Lawrence Dicks studied at the University of Plymouth Exeter, under the tuition of influential teachers including John Virtue, Nina Saunders, Neville Gabie and Turner prize nominee Vong Phaophanit. The program was conceptual, visual and creative. He knew early on that sculpture would be his medium, enjoying the physicality involved. At University he was inspired by some of the great sculptors of the 20th century; Hepworth, Moore, Brancusi. The work of Peter Randall-Page, David Nash and Richard Long were inspirational to him, as he began his own practice.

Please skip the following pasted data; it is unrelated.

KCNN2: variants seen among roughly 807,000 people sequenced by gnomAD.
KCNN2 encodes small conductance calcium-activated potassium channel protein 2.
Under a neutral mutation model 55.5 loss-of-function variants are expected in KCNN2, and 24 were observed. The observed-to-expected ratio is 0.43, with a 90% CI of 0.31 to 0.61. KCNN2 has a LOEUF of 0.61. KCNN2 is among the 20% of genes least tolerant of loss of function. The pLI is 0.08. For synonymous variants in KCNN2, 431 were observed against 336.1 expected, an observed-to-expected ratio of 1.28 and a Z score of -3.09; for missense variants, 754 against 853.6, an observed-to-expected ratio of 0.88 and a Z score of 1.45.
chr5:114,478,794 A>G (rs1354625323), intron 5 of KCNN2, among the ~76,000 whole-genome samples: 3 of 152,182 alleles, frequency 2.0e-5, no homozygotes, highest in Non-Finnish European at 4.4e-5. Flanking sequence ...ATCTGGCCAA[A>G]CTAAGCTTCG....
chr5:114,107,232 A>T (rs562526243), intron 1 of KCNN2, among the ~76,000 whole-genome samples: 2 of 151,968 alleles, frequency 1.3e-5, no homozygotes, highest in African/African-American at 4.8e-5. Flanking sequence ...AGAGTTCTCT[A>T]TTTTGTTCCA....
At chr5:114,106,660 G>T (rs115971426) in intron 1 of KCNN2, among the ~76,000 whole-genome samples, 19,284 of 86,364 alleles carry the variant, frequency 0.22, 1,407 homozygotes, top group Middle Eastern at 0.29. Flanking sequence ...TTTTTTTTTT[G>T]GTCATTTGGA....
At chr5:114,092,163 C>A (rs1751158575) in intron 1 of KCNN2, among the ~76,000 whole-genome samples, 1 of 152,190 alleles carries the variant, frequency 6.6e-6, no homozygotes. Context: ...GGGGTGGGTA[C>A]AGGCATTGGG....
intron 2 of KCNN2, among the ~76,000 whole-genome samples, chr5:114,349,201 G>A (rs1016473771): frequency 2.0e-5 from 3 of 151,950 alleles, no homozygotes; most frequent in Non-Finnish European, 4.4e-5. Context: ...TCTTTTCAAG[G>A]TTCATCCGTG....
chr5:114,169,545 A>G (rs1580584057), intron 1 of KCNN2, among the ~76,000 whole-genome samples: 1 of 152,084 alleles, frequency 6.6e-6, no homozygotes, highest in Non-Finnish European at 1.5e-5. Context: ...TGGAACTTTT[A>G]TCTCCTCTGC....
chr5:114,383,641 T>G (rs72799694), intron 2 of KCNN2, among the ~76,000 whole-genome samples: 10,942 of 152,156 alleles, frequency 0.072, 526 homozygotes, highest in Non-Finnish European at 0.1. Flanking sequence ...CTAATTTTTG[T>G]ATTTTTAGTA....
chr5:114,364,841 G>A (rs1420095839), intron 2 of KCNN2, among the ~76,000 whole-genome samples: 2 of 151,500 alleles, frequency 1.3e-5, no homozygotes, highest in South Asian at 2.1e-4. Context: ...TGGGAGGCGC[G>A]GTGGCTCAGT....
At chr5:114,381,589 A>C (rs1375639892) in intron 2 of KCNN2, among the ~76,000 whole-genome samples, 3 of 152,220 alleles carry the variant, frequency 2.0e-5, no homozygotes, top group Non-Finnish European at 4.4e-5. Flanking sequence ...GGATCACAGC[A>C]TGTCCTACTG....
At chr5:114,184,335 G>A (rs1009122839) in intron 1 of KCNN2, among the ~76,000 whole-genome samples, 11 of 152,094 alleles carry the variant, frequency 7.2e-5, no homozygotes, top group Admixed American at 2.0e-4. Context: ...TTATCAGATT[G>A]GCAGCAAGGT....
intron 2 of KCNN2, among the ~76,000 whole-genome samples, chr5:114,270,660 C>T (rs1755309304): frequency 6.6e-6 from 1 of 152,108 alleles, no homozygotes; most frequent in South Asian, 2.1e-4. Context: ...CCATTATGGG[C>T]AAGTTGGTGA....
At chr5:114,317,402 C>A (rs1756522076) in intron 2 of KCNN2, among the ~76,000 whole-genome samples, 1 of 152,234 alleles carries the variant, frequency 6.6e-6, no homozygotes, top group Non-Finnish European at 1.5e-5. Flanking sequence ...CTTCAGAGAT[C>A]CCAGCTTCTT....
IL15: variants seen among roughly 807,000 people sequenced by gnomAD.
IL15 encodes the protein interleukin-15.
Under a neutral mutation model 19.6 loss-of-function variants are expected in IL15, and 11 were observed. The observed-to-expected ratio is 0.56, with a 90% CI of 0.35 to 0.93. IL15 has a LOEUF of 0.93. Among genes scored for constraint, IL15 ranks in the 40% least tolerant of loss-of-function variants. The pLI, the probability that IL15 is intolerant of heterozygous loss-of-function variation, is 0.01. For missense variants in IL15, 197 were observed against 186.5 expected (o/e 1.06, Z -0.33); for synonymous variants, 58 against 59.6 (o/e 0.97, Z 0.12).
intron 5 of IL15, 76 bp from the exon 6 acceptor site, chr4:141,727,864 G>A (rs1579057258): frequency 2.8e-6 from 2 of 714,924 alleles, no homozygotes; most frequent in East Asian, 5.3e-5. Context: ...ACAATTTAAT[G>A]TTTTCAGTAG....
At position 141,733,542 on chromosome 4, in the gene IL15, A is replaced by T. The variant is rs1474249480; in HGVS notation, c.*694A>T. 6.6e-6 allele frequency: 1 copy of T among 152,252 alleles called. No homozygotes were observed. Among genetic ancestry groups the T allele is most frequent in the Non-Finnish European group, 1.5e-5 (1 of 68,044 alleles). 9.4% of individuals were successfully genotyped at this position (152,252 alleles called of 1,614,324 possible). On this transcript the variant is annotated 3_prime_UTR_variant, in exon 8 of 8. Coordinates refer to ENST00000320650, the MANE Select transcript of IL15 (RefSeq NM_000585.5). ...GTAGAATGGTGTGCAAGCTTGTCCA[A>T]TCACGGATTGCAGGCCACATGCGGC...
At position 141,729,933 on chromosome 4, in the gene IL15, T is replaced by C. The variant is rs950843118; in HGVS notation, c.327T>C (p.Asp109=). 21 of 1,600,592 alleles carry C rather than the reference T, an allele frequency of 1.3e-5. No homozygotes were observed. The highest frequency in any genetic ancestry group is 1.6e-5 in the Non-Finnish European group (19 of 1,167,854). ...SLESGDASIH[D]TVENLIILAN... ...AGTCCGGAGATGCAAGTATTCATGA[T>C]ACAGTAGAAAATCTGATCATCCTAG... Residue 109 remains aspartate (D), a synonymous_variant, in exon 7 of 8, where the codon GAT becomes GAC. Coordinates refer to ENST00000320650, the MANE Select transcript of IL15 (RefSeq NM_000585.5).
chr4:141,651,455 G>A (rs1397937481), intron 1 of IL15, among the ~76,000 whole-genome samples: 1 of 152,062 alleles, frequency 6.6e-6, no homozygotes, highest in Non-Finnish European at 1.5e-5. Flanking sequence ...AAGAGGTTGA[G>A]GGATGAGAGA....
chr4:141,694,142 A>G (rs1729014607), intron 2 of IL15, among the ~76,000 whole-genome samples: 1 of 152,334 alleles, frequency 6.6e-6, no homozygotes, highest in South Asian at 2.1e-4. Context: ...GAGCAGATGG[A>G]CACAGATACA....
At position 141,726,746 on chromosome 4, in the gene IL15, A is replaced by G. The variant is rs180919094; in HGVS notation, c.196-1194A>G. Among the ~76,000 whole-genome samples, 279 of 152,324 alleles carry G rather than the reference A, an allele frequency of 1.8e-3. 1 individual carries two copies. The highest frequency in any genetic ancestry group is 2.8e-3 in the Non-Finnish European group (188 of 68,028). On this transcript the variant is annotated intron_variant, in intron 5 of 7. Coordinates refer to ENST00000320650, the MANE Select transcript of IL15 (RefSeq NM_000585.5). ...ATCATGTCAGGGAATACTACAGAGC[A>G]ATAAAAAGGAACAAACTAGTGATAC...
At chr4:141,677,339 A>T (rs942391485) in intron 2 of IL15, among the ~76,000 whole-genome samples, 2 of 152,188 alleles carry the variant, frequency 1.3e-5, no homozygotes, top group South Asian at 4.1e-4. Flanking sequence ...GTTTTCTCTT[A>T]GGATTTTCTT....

Taking natural phenomena in general, cellular structure in particular, and slowly exaggerating by deconstructing the repeating patterns into strange, tactile yet somehow simple objects has been a theme in his work since the beginning. His over arching interest is the human condition, what it feels like to be alive - indeed why we are alive. We have become adept at scanning, editing and moving on as quickly as possible. No longer interested in creating shapes that are easy to scan, Lawrence's intention is to make the viewer pause, take a closer look, engage on a deeper level. He has observed that everyone will have a different, unique reaction to the shapes and arrangement of a series of objects. Lawrence believes that there is a specific area of human experience where sculpture is more potent than verbal communication. It is his (initially subconscious) psychological investigation that explores and embraces the subjectivity of the viewers response to his work that helps explain to him what it means to be alive.